Fans of Pat Parelli will know all about this. It’s an outsize, heavy duty, beach ball. And it’s green. It’s about a metre across and it’s bouncy. It’s Peanut’s new toy is what it is.
Of course, we took him up to it nice and quietly and he went through the sniff, lick, try-a-bite routine. He was bit more circumspect when I asked him to follow me on his line while I rolled the ball at my side but he didn’t take long to settle to that.
We then tried him with a bit of rolling it about under his chin and in front of his legs. Of course, he was a bit wary at first but in no time at all, he was off with it. Nosing the ball along the ground.
Perhaps, a bit too confident…
It was when he tried to give it a bit of a bounce himself that we decided to stop and do something else. He just stopped with the ball in front of him, reared right up and tried to come down on it with both front feet. It happened so quickly that I didn’t have a chance to stop him.
Luckily he just glanced off the ball. But, of course, he might have hurt himself if he’d come off it badly and I’ll have to be wary of this next time. For the moment, he just looks longingly at the ball sitting in the corner when he comes into the school. I know he’s got something in mind for it and I need to take care how we approach it next time.
Clearly, though, as long as I’m careful about how I introduce him to new things, Peanut is going to be confident about it.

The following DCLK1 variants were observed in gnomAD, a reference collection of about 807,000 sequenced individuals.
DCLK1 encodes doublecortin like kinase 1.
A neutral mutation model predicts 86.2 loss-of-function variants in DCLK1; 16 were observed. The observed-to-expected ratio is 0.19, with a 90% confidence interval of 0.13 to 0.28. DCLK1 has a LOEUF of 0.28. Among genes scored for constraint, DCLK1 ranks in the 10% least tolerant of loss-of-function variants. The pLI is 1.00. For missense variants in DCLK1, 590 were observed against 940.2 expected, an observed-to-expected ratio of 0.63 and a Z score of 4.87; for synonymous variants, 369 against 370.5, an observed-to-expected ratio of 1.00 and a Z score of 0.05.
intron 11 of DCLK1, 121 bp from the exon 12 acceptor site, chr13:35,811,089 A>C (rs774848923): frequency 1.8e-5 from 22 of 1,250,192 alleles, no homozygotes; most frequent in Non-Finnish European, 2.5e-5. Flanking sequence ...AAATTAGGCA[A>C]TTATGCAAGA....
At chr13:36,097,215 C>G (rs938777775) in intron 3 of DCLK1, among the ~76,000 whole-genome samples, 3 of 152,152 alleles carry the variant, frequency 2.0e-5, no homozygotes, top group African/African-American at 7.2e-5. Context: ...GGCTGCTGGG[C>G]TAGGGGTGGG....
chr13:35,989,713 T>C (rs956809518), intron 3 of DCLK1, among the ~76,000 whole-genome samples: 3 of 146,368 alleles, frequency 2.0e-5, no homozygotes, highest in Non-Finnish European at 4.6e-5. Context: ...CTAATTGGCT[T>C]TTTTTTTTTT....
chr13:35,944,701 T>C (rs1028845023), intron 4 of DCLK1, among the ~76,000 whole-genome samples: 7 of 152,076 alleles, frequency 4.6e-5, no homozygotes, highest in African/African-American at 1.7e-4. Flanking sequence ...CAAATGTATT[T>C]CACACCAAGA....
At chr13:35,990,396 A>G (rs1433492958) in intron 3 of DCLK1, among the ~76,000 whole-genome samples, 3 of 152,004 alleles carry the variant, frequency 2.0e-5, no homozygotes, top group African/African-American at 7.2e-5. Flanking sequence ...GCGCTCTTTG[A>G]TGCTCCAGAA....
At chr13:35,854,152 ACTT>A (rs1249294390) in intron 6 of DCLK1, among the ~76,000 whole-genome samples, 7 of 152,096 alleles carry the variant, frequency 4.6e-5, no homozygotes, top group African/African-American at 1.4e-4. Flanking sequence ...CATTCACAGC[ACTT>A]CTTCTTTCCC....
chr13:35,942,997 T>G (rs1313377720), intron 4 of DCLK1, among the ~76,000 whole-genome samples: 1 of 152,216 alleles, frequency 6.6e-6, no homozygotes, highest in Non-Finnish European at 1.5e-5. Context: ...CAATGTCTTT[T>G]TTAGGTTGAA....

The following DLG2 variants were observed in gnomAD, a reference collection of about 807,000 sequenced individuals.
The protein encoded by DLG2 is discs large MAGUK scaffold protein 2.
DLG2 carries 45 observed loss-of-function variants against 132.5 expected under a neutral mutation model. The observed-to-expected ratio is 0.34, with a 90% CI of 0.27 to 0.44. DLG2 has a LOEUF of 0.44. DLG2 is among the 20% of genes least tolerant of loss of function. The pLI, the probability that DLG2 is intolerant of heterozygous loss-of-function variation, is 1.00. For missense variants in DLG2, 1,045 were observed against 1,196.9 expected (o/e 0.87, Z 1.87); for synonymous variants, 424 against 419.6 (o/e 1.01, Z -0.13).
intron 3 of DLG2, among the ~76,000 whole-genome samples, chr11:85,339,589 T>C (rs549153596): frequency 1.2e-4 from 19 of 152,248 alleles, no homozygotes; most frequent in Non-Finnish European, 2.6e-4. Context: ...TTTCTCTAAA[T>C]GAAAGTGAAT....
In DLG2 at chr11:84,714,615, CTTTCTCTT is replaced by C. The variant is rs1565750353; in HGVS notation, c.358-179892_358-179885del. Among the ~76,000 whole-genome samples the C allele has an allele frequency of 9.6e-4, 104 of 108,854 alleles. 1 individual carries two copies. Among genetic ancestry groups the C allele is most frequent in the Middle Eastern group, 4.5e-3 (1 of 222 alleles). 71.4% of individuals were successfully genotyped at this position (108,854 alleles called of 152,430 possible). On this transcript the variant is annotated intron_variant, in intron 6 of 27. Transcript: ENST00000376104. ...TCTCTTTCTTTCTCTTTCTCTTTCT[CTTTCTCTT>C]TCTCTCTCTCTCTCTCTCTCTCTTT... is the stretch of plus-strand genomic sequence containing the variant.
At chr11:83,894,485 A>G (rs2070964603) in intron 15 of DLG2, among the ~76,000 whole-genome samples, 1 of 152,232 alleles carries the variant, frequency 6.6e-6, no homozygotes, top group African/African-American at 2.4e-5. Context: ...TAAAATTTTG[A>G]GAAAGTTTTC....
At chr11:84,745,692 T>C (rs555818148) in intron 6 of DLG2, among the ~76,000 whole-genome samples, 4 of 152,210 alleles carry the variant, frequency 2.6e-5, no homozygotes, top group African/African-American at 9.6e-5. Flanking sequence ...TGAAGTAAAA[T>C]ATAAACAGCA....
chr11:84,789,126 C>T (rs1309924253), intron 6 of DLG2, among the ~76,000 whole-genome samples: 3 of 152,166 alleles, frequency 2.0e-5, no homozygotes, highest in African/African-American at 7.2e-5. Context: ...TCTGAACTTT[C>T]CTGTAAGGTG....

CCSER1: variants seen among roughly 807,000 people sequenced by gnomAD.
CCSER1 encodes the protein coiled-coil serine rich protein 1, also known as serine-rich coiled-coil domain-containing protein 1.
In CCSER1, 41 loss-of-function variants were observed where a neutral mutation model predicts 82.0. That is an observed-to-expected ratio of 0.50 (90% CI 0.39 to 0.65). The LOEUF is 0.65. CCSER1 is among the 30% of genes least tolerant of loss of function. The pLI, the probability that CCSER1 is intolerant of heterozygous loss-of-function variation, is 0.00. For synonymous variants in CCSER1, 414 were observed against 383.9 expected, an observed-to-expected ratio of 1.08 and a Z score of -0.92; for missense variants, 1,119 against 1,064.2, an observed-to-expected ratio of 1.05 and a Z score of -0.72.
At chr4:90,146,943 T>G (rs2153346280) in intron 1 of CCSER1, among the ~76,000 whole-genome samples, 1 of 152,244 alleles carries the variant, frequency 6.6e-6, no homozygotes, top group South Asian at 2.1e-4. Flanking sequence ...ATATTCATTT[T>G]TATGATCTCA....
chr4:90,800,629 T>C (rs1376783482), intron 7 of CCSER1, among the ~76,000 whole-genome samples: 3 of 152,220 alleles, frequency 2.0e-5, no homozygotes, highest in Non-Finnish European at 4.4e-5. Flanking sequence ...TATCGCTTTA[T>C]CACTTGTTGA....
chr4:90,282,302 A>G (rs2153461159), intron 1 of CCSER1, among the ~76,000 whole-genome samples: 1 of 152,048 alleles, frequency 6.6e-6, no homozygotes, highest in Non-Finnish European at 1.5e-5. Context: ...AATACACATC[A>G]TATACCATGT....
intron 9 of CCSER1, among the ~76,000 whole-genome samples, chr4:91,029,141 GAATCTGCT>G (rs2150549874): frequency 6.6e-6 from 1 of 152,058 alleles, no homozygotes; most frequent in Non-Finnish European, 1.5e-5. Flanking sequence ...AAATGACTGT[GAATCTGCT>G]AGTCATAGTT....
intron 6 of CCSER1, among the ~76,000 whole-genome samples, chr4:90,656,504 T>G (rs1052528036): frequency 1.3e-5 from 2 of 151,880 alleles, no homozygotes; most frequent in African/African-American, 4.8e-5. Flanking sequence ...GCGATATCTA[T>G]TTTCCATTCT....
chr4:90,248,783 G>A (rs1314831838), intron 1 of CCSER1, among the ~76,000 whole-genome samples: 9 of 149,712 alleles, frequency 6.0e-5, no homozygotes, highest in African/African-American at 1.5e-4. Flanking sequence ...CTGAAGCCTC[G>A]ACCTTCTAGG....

And so the Journey continues…
In between the various games, we’re making good progress with the other stuff. After all I’ve just been saying about spookiness, we’ve had a series of sessions when there’s been something going on outside the school which worried Peanut.
Say I’m being over considerate if you will but I’m not putting this down to a spooky horse. He’s indoors and can hear something he doesn’t know and it’s been testing my new found natural horsemanship to get his attention when this happens. But, by staying quiet myself and just asking him to do something simple he knows, we get through it.
It shouldn’t worry me but I’m beginning really to enjoy the journey. We had one of those days yesterday when it all happened. We started off quietly but something outside worried him and it took a good few minutes to get him back. Then, we did some more quiet stuff, rugged him up and started back to the stable.
He just strolled along about 10 feet from my shoulder. Before we got to the school door, I asked him to halt and he just stopped and stood there while I noisily slid the door back. At the open door, I turned round to him, still standing about 10 feet away, and pointed out of the door. He walked up to me and we stepped out together for a quiet stroll across the sand school.
I can’t describe the feeling of peace that gave me. Well, I could but it would involve a reference to sex and that wouldn’t do at all! But at times like that, I find myself wondering whether, perhaps, the Journey is enough after all.
But then I very quickly remember the joy of a good run through the poles or a well executed Western Riding Class and, knowing that Peanut is going to be every bit as good as George, I want to be there too. It’s just very good to know that there’s always other stuff to do as well as ride. I can wait.